Leaver says the DME is in no rush to launch new products, but is concentrating on the soon-to-be launched six DME Oman-linked swap and option contracts on the CME Group’s OTC clearing platform ClearPort.

Leaver explains why market participants asked the DME to have ClearPort list the OTC contracts: “The Dubai swap market is probably the largest swap market east of Suez. It has grown out of having Dubai as the only transparent pricing benchmark for physical barrels east of Suez. But because of a decline in production over the years, it is no longer an accurate or effective reference for real oil prices. Consequently, Brent-Dubai spreads developed to manage east of Suez price risk. However, this form of trade is not the perfect hedge as there is a significant basis risk with the east of Suez market vs. the North Sea.”

DGCX is also working on new products. Its latest initiative is an agreement with the index provider Dow Jones to list a suite of equity index products, beginning with the Dow Jones Islamic Market Titans 100 Index, although Hasham says this is still subject to the approval of its regulator.

Hasham says there is plenty of scope for continued growth at the DGCX through both product expansion and encouraging regional players to use hedging instruments – and perhaps even through a move many of its global rivals are pressing to offer. Central counterparty clearing is now the buzzword of many global regulators – and exchanges quick to realise how the land lies have sought to offer OTC clearing.

The DGCX is well placed to be able to introduce such a service for the MENA region and Hasham reveals that the bourse is “monitoring” what is being undertaken elsewhere and that this could be something that happens down the line. However, while accepting it’s a possibility, Hasham says he sees more immediate developments in the exchange’s product suite.

While the Dubai exchanges are working hard to grow trading volumes, several new Gulf rivals are also working to develop derivatives offerings. The Bahrain Financial Exchange, which launched only in October, is working on developing its suite of futures and options, having signed deals with index providers FTSE and Dow Jones to list equity index derivatives covering the Middle East, India and Europe.

The Qatar Exchange, partly owned by NYSE Euronext, is also developing a suite of derivatives. In early September, it upgraded its technology to NYSE Euronext Universal Trading Platform, and according to Andre Went, CEO of the Qatar Exchange, derivatives will follow, but a timeline has yet to be finalised.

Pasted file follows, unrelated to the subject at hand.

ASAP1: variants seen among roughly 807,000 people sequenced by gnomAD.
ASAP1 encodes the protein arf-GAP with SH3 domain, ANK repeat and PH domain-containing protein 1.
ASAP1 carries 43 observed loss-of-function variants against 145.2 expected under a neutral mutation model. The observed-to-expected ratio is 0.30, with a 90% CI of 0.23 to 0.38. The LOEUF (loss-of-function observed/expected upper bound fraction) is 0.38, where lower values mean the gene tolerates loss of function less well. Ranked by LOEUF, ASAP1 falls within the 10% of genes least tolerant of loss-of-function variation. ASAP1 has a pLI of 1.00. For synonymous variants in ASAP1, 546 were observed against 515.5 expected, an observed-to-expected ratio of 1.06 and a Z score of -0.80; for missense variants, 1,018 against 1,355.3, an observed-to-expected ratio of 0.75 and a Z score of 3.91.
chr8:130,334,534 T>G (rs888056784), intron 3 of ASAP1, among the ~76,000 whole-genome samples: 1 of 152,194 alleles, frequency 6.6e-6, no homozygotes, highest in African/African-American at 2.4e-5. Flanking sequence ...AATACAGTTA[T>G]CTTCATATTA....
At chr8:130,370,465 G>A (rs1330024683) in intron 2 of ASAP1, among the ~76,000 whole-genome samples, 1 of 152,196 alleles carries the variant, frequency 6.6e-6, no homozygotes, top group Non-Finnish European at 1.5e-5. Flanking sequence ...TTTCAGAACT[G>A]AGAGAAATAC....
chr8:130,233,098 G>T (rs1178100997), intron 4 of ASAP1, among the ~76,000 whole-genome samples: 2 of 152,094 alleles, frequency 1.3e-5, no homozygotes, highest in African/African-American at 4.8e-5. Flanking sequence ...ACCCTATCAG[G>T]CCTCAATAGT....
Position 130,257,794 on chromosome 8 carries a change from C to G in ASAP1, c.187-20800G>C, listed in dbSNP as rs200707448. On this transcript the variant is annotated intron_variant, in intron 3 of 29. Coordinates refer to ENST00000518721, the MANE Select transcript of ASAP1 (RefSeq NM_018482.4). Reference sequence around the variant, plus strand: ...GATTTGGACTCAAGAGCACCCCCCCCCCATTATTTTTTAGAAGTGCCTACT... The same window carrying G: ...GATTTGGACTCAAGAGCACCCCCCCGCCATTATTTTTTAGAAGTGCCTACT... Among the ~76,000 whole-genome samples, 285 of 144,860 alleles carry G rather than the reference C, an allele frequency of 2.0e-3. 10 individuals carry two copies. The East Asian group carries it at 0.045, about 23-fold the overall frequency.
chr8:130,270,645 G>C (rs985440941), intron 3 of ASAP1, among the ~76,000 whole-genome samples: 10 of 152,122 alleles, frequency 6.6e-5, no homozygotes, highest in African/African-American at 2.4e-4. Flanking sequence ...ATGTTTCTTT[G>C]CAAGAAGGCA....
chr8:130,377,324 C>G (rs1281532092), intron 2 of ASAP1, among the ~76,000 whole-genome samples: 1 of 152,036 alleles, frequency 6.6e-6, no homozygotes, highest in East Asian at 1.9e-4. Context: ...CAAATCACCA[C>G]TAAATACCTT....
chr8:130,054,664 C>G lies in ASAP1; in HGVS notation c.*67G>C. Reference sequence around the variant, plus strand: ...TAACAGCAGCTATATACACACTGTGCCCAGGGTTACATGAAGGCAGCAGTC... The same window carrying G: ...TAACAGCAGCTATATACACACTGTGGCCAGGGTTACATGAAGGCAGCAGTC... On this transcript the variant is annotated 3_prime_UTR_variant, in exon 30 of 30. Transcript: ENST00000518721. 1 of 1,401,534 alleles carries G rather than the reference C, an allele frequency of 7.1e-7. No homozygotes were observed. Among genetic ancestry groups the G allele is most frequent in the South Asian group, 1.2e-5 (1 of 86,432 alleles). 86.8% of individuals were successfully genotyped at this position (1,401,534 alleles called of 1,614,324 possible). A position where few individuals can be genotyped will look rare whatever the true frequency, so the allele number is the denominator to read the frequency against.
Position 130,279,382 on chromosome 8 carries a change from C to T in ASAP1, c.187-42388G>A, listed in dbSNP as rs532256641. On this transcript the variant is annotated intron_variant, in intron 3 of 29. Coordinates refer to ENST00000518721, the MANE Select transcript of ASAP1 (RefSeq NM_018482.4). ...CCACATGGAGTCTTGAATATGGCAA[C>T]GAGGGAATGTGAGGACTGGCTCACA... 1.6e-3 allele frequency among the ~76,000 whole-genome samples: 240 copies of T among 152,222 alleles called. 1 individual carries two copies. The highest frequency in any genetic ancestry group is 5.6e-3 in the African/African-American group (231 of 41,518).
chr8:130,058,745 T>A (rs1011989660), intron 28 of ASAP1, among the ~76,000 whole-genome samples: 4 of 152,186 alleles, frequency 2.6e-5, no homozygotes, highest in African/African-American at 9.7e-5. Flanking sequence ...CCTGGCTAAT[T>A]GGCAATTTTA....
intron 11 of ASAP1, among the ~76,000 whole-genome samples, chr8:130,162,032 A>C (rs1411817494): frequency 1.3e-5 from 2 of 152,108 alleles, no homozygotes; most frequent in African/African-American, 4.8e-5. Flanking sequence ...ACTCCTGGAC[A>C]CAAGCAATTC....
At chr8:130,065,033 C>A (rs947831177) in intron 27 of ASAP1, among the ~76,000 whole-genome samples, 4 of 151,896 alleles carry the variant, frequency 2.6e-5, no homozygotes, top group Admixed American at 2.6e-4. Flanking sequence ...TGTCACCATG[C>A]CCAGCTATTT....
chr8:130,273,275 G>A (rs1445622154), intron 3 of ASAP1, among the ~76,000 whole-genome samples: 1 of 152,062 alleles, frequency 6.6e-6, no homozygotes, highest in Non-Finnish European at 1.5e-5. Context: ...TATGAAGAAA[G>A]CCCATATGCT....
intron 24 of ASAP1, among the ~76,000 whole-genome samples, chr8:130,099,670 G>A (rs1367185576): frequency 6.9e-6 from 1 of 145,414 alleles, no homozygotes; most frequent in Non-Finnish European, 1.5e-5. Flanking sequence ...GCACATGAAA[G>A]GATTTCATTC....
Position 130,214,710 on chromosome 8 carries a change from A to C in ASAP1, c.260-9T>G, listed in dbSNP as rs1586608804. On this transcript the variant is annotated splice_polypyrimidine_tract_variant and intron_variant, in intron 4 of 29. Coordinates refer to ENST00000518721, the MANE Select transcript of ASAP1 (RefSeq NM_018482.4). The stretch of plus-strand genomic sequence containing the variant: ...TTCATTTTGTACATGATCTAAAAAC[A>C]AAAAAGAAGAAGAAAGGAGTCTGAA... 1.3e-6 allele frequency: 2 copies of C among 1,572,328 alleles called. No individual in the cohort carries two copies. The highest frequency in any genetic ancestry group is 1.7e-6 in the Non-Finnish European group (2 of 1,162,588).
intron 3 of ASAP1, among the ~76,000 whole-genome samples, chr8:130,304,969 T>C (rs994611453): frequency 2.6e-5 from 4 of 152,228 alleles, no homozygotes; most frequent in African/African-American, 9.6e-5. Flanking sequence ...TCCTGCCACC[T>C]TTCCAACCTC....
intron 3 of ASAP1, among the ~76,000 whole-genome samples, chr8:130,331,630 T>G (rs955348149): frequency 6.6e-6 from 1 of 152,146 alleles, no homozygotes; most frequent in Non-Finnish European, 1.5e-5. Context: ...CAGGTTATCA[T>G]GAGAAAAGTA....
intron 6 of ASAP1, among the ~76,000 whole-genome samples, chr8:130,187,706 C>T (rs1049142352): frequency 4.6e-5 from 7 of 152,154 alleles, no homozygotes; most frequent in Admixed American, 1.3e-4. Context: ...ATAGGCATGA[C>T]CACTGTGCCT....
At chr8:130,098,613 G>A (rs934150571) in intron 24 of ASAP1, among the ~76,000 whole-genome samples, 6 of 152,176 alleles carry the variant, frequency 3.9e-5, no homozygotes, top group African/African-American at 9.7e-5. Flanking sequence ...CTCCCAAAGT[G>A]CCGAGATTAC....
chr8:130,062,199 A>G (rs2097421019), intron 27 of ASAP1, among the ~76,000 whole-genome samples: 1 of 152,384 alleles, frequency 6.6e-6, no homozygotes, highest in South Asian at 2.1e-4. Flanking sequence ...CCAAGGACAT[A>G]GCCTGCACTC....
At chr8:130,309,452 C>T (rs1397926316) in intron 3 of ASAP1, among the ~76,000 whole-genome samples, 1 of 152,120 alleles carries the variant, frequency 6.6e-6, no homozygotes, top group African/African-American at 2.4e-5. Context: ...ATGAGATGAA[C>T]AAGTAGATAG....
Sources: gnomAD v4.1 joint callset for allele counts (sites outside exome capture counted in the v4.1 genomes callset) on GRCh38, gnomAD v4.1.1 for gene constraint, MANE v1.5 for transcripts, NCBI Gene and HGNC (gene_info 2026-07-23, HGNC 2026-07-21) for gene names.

Foreign investment will boost domestic investment

The fortunes of the regional exchanges will, of course, depend on the success of the products offered. With so many players in the market, every exchange is eager for a unique selling point by positioning themselves in a niche and owning it.

With the DME, according to one London-based oil trader, the breakthrough will depend on acceptance of the Oman Crude Futures pricing as a benchmark. The Dubai Government uses the Oman pricing but the London-based former exchange executive says the benchmark must be used extensively within the region before traders will begin to migrate away from the traditional WTI and Brent benchmarks.

For the DGCX, Nasdaq Dubai, BFX the route to success may be slightly simpler: grow trading members, encourage greater participation from existing firms and add new, well constructed products.

With a plethora of exchanges either live or set to go live in the Middle East, how can each be successful? Perhaps surprisingly, according to Eid, the market must hope the domestic trading firms, particularly the funds that invest substantial sums, do so overseas.

The Newedge executive says he believes the Middle East investors will move back to heavyweight exchanges sooner rather than later to diversify and hedge on liquidity-rich markets, but this will also help the local exchanges, encouraging in turn greater international trading – creating a win-win situation.

Eid is sanguine about the prospects of the UAE derivatives market, concluding: “I’m bullish on the Middle East listed derivatives market five years ahead. The local investors will have to come back to the international exchanges and this will be a key driver for the local exchanges.”